13 Million People Watched Tim Allen’s Sitcom Return

LAST MAN STANDING - "Pilot" - Mike plays Cupid for Mandy by setting her up on a blind-date with Kyle, one of his employees who he thinks would be the perfect guy for her. But Mike's set-up gets off track when Kyle accidentally meets Kristin. Meanwhile at work, Mike's long-time boss and friend, Ed, announces that he's grounding Mike from their catalogue's international photo shoots and putting him in charge of the company's webpage. In this new role, Mike discovers that the Internet might actually provide him just the outlet he needs, a platform that gives him a voice to appeal to those who agree that manliness is under assault, and a pulpit for his opinions about feeling like the last real man in a woman's world, on "Last Man Standing," premiering with a one-hour event, TUESDAY, OCTOBER 11 (8:00-9:00 p.m., ET) on the ABC Television Network. (ABC/RANDY HOLMES) TIM ALLEN, NANCY TRAVIS Photo: ABC/RANDY HOLMES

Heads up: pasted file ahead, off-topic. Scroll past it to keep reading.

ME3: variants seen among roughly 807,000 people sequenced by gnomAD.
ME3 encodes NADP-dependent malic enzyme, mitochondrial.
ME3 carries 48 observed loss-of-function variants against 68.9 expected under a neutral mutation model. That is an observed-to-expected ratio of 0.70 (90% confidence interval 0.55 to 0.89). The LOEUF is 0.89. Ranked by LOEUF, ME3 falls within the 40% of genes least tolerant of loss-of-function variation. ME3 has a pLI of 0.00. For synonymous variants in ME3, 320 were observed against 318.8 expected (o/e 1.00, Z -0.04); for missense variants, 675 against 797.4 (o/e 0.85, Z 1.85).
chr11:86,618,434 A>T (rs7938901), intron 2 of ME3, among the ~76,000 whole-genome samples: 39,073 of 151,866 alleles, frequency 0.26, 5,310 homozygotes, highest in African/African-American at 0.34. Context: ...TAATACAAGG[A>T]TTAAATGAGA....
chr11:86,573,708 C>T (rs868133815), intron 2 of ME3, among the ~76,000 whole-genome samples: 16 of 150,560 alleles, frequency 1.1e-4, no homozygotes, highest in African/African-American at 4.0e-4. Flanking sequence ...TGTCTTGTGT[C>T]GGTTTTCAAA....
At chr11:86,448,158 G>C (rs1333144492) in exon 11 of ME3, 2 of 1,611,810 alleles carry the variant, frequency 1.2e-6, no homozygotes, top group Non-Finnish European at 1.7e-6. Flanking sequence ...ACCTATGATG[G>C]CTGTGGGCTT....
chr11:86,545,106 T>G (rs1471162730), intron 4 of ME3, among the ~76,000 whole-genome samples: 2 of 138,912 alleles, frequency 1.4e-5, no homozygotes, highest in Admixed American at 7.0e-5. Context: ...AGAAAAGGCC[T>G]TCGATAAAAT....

Tim Allen returned to series television for the first time this century Tuesday, and viewers responded by giving him a warm but not wildly enthusiastic greeting. Per Nielsen, the one-hour debut of Allen's half-hour family sitcom Last Man Standing drew just under 13 million viewers and averaged a 3.5 rating among adults under 50. Considering the fact Man is an 8 p.m. show with no network lead-in, and that a good chunk of its potential older male audience may have been watching either baseball or even the GOP presidential debate, this is a solid debut. The show also added viewers in its second half-hour, though that's not uncommon and may also be attributable to early tune-in for Dancing With the Stars. That said, ABC invested heavily in Allen because he is, in theory, a comedy icon with the ability to draw a crowd and launch a whole new comedy night for the Alphabet. And yet, his debut was just 10 percent better than No Ordinary Family, the ABC drama that lived in the 8 p.m. Tuesday time slot last fall but lasted less than a season. It is not unreasonable to assume ABC execs might have hoped Allen's show had brought more power to the night, particularly in a year when sitcoms seem to be doing so well. That said, if Mancan keep doing similar numbers in the weeks ahead, particularly when Glee returns next month, then whatever mild disappointment the network feels today will be forgotten and replaced with an order for many more episodes.